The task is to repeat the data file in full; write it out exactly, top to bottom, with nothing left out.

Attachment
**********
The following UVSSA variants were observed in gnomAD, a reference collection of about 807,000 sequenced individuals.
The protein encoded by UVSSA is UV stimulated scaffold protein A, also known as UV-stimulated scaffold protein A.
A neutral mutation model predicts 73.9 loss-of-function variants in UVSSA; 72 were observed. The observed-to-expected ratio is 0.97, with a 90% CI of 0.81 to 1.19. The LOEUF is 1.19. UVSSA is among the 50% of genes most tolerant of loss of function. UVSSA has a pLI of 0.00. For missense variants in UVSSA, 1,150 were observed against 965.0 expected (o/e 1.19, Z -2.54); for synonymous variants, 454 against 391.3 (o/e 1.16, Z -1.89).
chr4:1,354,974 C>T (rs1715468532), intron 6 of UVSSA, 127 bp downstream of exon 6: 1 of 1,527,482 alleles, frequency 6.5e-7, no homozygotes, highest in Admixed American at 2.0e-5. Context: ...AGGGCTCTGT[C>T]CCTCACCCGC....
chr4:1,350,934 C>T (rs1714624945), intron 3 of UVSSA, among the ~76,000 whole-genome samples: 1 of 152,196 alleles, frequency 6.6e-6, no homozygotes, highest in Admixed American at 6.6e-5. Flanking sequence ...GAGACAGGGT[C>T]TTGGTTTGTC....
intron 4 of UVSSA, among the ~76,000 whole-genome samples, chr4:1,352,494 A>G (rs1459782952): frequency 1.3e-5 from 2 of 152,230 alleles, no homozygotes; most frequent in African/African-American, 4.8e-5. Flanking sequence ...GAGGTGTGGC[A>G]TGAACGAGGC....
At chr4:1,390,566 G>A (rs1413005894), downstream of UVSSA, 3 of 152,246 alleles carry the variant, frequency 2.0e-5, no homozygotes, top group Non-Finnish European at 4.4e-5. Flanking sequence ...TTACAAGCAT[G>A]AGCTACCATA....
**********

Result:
The following UVSSA variants were observed in gnomAD, a reference collection of about 807,000 sequenced individuals.
The protein encoded by UVSSA is UV stimulated scaffold protein A, also known as UV-stimulated scaffold protein A.
A neutral mutation model predicts 73.9 loss-of-function variants in UVSSA; 72 were observed. The observed-to-expected ratio is 0.97, with a 90% CI of 0.81 to 1.19. The LOEUF is 1.19. UVSSA is among the 50% of genes most tolerant of loss of function. UVSSA has a pLI of 0.00. For missense variants in UVSSA, 1,150 were observed against 965.0 expected (o/e 1.19, Z -2.54); for synonymous variants, 454 against 391.3 (o/e 1.16, Z -1.89).
chr4:1,354,974 C>T (rs1715468532), intron 6 of UVSSA, 127 bp downstream of exon 6: 1 of 1,527,482 alleles, frequency 6.5e-7, no homozygotes, highest in Admixed American at 2.0e-5. Context: ...AGGGCTCTGT[C>T]CCTCACCCGC....
chr4:1,350,934 C>T (rs1714624945), intron 3 of UVSSA, among the ~76,000 whole-genome samples: 1 of 152,196 alleles, frequency 6.6e-6, no homozygotes, highest in Admixed American at 6.6e-5. Flanking sequence ...GAGACAGGGT[C>T]TTGGTTTGTC....
intron 4 of UVSSA, among the ~76,000 whole-genome samples, chr4:1,352,494 A>G (rs1459782952): frequency 1.3e-5 from 2 of 152,230 alleles, no homozygotes; most frequent in African/African-American, 4.8e-5. Flanking sequence ...GAGGTGTGGC[A>G]TGAACGAGGC....
At chr4:1,390,566 G>A (rs1413005894), downstream of UVSSA, 3 of 152,246 alleles carry the variant, frequency 2.0e-5, no homozygotes, top group Non-Finnish European at 4.4e-5. Flanking sequence ...TTACAAGCAT[G>A]AGCTACCATA....